But it’s all too easy not to exposit (explain) verses…we  simply cite them and move on.

What if you tried a different approach?

What if you took Colossians 1:15-20 as the core of your speech? You spent your time not covering bunches of points, but walking through this one text.

You explain each step in the apostle’s argument. You summarize his point. You convey his passion for and exaltation of Christ.

Would that be more powerful than a collection of verses?

I think it might be.

Maybe you should try it.

If you do, email me!

That’s all for now. Thanks for letting me spill all these random thoughts on you—hope they’ve been useful!

Stick to the Word.

[Image name “paul preaching” by Robert Tewart, http://bit.ly/2bpljoH. Creative Commons 2.0 license.]

One Brilliant Tip for When You Detest Writing Apologetics Cards

I really want to have written an article today.

I just don’t want to write it.

You know how I feel? Even if you don’t blog, you have assuredly experienced the same thing:

  • You want to have cleaned your room, but you don’t want to clean it.
  • You want to have prepared dinner, but you don’t want to prepare it.
  • You want to have written an Apologetics card, but you don’t want to write it.

I’m reminded of a TED talk I once watched on procrastination. The speaker shared how he felt when he was first invited: “Wow! I always wanted to have done a TED talk! Like, I could tell people: ‘This one time, in the past, I did a TED talk, but it’s over now.'”

The problem for that procrastinator? He was on the front end of the TED talk, and actually had to write it.

I feel like that today. Recently I’ve missed a self-imposed publishing deadline or two. Writing a new article every two weeks is my goal and standard practice, but lately that has not been happening.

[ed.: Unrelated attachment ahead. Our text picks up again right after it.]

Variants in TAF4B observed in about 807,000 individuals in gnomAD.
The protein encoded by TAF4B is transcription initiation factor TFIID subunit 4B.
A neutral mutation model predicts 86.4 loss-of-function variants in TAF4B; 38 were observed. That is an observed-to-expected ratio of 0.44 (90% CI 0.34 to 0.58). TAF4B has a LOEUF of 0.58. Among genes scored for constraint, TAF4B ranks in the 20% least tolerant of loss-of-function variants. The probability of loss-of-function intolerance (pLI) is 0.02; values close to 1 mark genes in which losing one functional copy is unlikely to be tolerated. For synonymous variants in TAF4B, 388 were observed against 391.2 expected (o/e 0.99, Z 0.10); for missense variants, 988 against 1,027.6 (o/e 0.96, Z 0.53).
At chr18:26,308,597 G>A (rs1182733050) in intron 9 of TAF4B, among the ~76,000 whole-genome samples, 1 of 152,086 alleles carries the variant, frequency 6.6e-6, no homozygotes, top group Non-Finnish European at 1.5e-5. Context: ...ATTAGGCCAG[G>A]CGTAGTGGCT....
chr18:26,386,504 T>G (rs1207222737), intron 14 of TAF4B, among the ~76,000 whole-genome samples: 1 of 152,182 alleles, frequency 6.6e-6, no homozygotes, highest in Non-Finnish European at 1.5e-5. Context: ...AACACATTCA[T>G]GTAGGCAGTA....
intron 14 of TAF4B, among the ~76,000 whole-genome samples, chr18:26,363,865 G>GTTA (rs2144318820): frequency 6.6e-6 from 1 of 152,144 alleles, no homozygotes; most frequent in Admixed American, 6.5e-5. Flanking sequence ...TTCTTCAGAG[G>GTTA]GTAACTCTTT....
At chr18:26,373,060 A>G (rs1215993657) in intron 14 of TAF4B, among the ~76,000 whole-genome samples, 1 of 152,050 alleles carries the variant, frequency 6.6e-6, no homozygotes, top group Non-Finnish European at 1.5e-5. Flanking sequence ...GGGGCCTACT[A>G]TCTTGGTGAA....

Partly that’s because I moved to Los Angeles. Yep, I’m out in beautiful Cali now! Later this month I start school at The Master’s Seminary, for my three-year Master of Divinity degree.

So life is busy and crazy and hectic with transition. But I’ve made time for lots of other things. So it’s not as though writing an article is impossible.

Rather, I have used the move as an excuse not to write.

Because writing is hard.

Let’s bring this around to Apologetics finally…

Writing Apologetics cards is hard.

It is! Even for someone like me, who wrote dozens of them and created an entire system for goodness’ sake.

And occasionally (or frequently) you sit down at your computer and really, really do not want to write a card.

But what happens if you don’t?

You don’t write a card the next week.

Or the next.

Or the one after that.

Before you know it, tournament season is here! And you have a grand total of 3 cards.

How can you avoid that awful fate?

With this one brilliant tip.

(I didn’t originally come up with this tip, so I can call it brilliant without being prideful.)

I first heard of it in a productivity article someplace. Comedian Jerry Seinfeld wanted to force himself to write new jokes every day. So what did he do?

He bought a calendar.

Not just any calendar—a huge wall calendar, with the entire year of days visible.

Every day he wrote jokes, he got to cross off the day with a gigantic red X.

If he missed a day? No red X.

Let’s pretend it is Day 8 for Jerry. The past 7 days he has written jokes consistently. He has a chain of 7 red X marks on the calendar.

Does he want that chain to end?

Absolutely not!

The desire to keep progressing trumps the desire to be lazy.

And that, my friends, is why I’m typing this post instead of reading or practicing Hebrew or browsing Facebook or searching for the best variety of coffee.

Because for the past 4 years, I have posted a new article every 2 weeks.

And I detest the thought of breaking that chain. I’ve broken it enough already these past few weeks. No more.

How do you apply this personally?

Determine how many cards you want to write each week. (Or each month, if you want to go slower than one card per week.)

Get a calendar.

And splash a big red X across every week you succeed.

 

(Read more on Jerry Seinfeld’s productivity method here.)